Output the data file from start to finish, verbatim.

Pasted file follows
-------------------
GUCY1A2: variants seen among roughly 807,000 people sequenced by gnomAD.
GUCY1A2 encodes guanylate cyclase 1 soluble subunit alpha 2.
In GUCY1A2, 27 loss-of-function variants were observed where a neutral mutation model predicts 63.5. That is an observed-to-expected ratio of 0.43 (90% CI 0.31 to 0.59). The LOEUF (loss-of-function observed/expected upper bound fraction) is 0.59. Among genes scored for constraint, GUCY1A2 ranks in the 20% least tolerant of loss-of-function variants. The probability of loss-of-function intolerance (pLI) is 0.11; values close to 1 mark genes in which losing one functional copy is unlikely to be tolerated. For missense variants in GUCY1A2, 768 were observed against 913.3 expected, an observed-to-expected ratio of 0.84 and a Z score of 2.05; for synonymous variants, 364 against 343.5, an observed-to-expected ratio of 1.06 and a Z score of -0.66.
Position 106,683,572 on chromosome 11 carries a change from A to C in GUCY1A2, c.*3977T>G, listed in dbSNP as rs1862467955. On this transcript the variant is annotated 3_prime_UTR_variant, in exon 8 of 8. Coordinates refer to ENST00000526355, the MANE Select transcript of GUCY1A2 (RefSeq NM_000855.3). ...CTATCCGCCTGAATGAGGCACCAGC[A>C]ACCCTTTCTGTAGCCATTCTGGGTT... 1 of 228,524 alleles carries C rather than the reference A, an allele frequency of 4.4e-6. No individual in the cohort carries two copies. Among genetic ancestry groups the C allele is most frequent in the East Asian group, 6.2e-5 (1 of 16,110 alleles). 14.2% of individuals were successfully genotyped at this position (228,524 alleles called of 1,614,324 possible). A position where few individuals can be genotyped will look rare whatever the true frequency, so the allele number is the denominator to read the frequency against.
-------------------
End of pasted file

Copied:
GUCY1A2: variants seen among roughly 807,000 people sequenced by gnomAD.
GUCY1A2 encodes guanylate cyclase 1 soluble subunit alpha 2.
In GUCY1A2, 27 loss-of-function variants were observed where a neutral mutation model predicts 63.5. That is an observed-to-expected ratio of 0.43 (90% CI 0.31 to 0.59). The LOEUF (loss-of-function observed/expected upper bound fraction) is 0.59. Among genes scored for constraint, GUCY1A2 ranks in the 20% least tolerant of loss-of-function variants. The probability of loss-of-function intolerance (pLI) is 0.11; values close to 1 mark genes in which losing one functional copy is unlikely to be tolerated. For missense variants in GUCY1A2, 768 were observed against 913.3 expected, an observed-to-expected ratio of 0.84 and a Z score of 2.05; for synonymous variants, 364 against 343.5, an observed-to-expected ratio of 1.06 and a Z score of -0.66.
Position 106,683,572 on chromosome 11 carries a change from A to C in GUCY1A2, c.*3977T>G, listed in dbSNP as rs1862467955. On this transcript the variant is annotated 3_prime_UTR_variant, in exon 8 of 8. Coordinates refer to ENST00000526355, the MANE Select transcript of GUCY1A2 (RefSeq NM_000855.3). ...CTATCCGCCTGAATGAGGCACCAGC[A>C]ACCCTTTCTGTAGCCATTCTGGGTT... 1 of 228,524 alleles carries C rather than the reference A, an allele frequency of 4.4e-6. No individual in the cohort carries two copies. Among genetic ancestry groups the C allele is most frequent in the East Asian group, 6.2e-5 (1 of 16,110 alleles). 14.2% of individuals were successfully genotyped at this position (228,524 alleles called of 1,614,324 possible). A position where few individuals can be genotyped will look rare whatever the true frequency, so the allele number is the denominator to read the frequency against.